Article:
On this day in 1970, Jim Lovell, Fred Haise, and Jack Swigert were launched into space on their fateful Apollo 13 mission. Three days later, the oxygen tank on their service module exploded, leaving their spacecraft largely disabled, hurtling toward the moon, with only a slim chance that the three astronauts would make it home alive. As we know, however, they did return to earth alive in one of the most harrowing stories of persistence, ingenuity, and courage in U.S. history. The crew and support staff of Apollo 13 will forever be known as heroes in American lore.
But I would submit today that one of the primary reasons the mission ended with the successful return of these astronauts was the leadership of one Gene Kranz, the flight director in Houston during the mission. If you saw Tom Hanks' 1995 movie about the incident, Kranz's character was played by actor Ed Harris who uttered the director's famous line, "Failure is not an option!" And this, my friends, was why the mission was a success. Kranz pressed a vision of triumph on his staff and on the crew. He never allowed failure to enter his vocabulary. His singularity of purpose, drive, and confidence in the midst of tragedy is what kept everyone moving in the right direction.
The problem with so many leaders today is they don't believe in their organizations and people enough to press "the win." They are so burdened by selfish concerns, deep-seated distrust of their employees, and fear of failure that...well...they fail or at least don't reach their highest potentials. I know of an organization in my hometown where the leaders so loath their employees, so fear their competition, and are so narcissistic that what was once a thriving "business" has turned into a stagnant cesspool of employee discontent and organizational decline. It is sad to watch, but this organization is only a caricature of what it once was and, until its leadership changes, it will never recover.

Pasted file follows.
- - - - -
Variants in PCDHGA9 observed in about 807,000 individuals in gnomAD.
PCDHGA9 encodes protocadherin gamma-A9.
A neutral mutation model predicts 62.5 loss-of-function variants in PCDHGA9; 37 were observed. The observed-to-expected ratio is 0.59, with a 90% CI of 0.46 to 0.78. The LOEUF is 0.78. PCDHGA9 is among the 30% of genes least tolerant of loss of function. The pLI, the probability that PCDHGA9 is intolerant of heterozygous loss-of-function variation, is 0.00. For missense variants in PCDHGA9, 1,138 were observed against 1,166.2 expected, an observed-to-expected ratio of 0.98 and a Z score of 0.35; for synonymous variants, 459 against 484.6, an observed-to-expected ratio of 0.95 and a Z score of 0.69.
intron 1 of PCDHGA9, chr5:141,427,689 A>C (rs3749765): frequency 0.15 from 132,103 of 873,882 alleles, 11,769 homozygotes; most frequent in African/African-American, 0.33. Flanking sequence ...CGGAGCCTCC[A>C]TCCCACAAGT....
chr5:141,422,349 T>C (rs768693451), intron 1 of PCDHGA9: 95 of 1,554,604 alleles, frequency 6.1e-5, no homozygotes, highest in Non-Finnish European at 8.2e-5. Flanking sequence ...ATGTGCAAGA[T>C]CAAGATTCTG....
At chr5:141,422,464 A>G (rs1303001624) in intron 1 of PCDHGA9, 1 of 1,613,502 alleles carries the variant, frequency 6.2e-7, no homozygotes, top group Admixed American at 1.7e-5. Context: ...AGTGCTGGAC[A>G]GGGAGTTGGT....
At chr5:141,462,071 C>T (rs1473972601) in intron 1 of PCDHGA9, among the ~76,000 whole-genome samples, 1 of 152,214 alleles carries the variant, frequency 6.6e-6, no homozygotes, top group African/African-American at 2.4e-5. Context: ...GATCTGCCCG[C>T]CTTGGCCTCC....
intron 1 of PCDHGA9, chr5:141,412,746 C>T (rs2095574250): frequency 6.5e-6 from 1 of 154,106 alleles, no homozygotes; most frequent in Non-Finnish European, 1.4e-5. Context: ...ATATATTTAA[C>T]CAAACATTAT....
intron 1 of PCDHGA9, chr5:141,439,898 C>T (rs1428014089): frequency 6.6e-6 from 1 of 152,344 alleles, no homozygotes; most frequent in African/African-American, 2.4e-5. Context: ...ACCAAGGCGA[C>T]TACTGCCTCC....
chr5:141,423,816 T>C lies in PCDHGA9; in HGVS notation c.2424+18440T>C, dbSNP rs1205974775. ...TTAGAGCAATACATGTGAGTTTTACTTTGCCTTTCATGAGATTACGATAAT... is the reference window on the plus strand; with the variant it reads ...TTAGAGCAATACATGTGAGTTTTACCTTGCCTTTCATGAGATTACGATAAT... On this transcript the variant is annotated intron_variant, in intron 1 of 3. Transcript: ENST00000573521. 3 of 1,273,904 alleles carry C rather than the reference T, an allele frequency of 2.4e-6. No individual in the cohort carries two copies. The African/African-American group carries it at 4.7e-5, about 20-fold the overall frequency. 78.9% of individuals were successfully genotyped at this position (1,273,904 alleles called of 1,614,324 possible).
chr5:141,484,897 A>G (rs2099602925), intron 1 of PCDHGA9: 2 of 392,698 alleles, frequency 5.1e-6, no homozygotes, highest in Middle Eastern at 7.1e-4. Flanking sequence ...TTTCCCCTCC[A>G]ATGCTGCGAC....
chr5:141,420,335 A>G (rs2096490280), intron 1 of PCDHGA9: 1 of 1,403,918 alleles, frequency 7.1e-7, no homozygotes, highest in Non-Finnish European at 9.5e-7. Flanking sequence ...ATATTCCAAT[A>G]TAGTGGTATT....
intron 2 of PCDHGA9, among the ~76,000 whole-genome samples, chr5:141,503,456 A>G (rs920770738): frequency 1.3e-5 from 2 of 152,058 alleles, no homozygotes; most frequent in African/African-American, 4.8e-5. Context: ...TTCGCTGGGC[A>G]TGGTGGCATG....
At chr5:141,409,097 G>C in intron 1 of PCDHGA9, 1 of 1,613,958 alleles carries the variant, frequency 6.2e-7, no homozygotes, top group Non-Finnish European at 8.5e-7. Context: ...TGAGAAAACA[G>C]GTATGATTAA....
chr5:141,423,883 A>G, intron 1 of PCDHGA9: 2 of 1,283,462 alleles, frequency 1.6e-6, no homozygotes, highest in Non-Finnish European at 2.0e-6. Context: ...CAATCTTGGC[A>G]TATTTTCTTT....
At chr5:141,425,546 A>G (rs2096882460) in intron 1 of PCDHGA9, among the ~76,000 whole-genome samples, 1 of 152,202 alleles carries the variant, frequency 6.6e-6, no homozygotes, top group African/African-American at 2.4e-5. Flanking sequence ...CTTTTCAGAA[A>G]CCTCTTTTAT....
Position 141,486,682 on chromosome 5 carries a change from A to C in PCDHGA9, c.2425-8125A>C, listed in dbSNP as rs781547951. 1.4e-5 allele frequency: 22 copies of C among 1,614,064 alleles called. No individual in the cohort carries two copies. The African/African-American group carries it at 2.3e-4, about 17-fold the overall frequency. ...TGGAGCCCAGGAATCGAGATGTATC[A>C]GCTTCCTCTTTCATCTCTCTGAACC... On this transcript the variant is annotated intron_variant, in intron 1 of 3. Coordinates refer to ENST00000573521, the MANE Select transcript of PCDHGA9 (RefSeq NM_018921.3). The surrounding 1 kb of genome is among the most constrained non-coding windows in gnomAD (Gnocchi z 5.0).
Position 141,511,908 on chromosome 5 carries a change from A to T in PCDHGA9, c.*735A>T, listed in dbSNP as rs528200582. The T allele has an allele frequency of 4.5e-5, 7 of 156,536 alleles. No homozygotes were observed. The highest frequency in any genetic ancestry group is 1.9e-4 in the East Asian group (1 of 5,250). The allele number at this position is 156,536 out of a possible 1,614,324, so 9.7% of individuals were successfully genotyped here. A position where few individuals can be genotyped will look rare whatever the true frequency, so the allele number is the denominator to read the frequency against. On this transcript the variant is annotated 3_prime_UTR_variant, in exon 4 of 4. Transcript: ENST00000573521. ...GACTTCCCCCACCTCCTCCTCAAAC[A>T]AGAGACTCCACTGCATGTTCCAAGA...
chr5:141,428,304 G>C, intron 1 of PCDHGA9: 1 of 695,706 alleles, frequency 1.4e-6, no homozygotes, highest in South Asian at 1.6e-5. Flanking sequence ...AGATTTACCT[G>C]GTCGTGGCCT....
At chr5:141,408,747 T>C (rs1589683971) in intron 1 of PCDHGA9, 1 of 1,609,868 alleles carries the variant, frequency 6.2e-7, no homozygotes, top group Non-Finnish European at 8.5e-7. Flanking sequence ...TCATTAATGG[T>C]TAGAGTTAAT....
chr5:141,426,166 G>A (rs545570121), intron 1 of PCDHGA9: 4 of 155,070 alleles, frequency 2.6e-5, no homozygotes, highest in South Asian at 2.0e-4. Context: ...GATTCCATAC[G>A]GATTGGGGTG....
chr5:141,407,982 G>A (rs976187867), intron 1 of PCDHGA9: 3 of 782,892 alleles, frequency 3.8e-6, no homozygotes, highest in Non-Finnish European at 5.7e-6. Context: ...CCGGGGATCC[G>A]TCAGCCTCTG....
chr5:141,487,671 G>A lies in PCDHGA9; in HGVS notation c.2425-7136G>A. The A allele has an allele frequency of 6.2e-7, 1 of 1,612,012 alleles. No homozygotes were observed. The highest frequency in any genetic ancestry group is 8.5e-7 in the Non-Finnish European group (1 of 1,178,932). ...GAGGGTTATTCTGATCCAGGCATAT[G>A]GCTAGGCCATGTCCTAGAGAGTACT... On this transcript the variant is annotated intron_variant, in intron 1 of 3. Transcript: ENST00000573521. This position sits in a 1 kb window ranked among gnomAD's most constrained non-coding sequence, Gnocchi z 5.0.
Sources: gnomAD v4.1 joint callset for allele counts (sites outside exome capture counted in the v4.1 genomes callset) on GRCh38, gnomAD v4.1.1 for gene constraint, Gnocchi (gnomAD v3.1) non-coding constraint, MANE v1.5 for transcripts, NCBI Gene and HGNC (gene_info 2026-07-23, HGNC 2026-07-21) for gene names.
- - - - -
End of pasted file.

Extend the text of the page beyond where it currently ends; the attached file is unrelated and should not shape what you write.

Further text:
So, why do organizations accept such poor leaders? In the case of the aforementioned organization, it is partially because the "business" is family-owned and, unfortunately, the current leading family member is no Gene Kranz. But the bigger problem in this organization and others is that people no longer know what good leadership looks like. Our culture has stopped reading classic literature, ceased studying world history, started venerating movie stars and athletes over true heroes, and begun replacing traditional family and culture values with cheap substitutes that give immediate gratification. Consequently, we are experiencing social and moral confusion and the result is fewer good leaders and even fewer who know how to judge good leadership. So, we blindly accept what we're given.
Of course, I don't want to present a completely bleak picture. There are many great leaders out there and many folks who know how to spot these leaders. What's needed, then, is for these people to develop their voice within our culture. These wise men and women among us must stop accepting society's lame-duck leaders; they must call them out, challenge their incompetence, and work to oust them from power. They must educate the rest of us on what good leadership is, and, more importantly, they must lead us themselves. Ok, I'll say it: it's time for the Colin Powells, Condoleezza Rices, and others to step back up to the plate and deliver their expertise to a country that desperately needs it. Right now, we are failing as a nation and as sub-cultures within our nation. We need some visionaries to take us into the future. For a country like ours that is teetering on the precipice of significant moral decline, failure is not an option.